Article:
“The Duchess was absolutely interested in the dance performance and in the history of the various bridges that have crossed the river,” said David Parr, Halton Council’s chief executive.
One guest, Phil Redmond, the creator of television dramas such as Brookside, Grange Hill, and Hollyoaks, was introduced to the Duchess with his wife Alexis, the High Sheriff of Cheshire.
“I wondered if she wanted a part in Hollyoaks,” he said. “She will have to go through the audition process like everyone else.”
He was joking and admitted their conversation has been more about how nice it was to see the Duchess with the Queen in Widnes at a ceremony marking the opening of the new £1.86 billion Mersey Gateway bridge over the Mersey.
“I didn’t (ask her) but there is a lunch to come,” he said. “It’s a big day for Cheshire.”
Meghan and the Queen, however, made no mention of the 50 or so placard-waving protesters who had turned out to greet them to demonstrate against the new crossing.
The new 1.5 mile long six-lane bridge, linking the two sides of the borough of Halton, has proved controversial, provoking widespread opposition to the £2 charge for each crossing.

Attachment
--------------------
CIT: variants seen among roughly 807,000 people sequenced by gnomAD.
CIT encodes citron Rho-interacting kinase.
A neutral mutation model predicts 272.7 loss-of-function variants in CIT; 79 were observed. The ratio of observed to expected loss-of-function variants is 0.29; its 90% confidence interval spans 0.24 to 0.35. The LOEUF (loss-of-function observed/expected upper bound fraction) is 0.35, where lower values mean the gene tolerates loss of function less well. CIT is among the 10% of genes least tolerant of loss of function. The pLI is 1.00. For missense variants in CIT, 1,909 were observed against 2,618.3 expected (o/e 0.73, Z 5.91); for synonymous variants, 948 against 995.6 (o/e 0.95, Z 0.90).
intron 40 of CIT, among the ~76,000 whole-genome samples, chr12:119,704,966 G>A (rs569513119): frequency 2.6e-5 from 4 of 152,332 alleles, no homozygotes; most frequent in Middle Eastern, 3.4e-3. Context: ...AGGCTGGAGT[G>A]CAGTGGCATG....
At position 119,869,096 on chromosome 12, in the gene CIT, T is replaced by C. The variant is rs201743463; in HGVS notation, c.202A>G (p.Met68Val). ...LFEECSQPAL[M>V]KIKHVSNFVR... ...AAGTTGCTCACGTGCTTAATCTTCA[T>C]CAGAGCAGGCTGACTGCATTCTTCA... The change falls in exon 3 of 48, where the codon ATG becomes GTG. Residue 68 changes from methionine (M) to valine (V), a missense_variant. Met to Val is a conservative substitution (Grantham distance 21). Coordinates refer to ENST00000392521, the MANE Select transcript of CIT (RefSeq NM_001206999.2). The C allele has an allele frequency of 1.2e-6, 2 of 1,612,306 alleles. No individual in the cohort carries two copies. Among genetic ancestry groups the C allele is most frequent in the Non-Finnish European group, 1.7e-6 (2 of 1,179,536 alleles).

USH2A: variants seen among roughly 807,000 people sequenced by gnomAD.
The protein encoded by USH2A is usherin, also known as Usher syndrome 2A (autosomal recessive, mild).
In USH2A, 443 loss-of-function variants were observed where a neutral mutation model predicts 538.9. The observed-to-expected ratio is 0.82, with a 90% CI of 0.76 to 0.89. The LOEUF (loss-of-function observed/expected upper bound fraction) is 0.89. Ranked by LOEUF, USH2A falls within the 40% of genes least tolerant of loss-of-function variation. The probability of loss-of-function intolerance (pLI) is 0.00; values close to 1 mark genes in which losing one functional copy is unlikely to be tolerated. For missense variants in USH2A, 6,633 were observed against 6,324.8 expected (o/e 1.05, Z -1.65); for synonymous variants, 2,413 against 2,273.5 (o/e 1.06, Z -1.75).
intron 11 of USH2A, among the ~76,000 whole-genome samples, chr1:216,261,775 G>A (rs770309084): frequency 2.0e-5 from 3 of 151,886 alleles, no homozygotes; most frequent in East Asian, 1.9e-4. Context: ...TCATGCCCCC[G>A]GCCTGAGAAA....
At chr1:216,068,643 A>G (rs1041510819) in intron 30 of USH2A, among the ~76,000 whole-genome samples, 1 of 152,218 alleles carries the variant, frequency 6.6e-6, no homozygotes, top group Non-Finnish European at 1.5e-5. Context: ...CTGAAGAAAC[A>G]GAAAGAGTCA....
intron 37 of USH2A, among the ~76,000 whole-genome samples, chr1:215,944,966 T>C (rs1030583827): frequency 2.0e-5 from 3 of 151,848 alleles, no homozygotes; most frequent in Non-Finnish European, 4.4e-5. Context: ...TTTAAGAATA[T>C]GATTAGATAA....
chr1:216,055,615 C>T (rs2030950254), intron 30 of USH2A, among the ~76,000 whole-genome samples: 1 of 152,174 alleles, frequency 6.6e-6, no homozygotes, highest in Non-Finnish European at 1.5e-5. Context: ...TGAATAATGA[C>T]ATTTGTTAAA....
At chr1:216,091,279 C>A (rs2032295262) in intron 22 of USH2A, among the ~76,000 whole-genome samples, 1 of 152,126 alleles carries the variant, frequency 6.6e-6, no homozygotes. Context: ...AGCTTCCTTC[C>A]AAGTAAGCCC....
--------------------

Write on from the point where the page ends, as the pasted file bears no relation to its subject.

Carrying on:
The other bridge between Runcorn and Widnes, currently closed for repairs, was free to cross but will also attract tolls when it reopens, adding to the cost of living for locals.
Mr Parr said the royal pair had not mentioned the controversy and hailed their seal of approval for the project. “People have a right to protest. This is a democracy. We gave them that opportunity today,” he said.
But he added: “We created this crossing to bring prosperity to our community. This is a bridge to prosperity. It’s reduced the congestion that has blighted Halton and the Liverpool city region for years.”
Before they left, the Queen and Meghan accepted posies from two schoolgirls, Savannah Cafferty, 11, and Alarni Wain, who was celebrating her eighth birthday. “They both wished me happy birthday,” said an excited Alarni.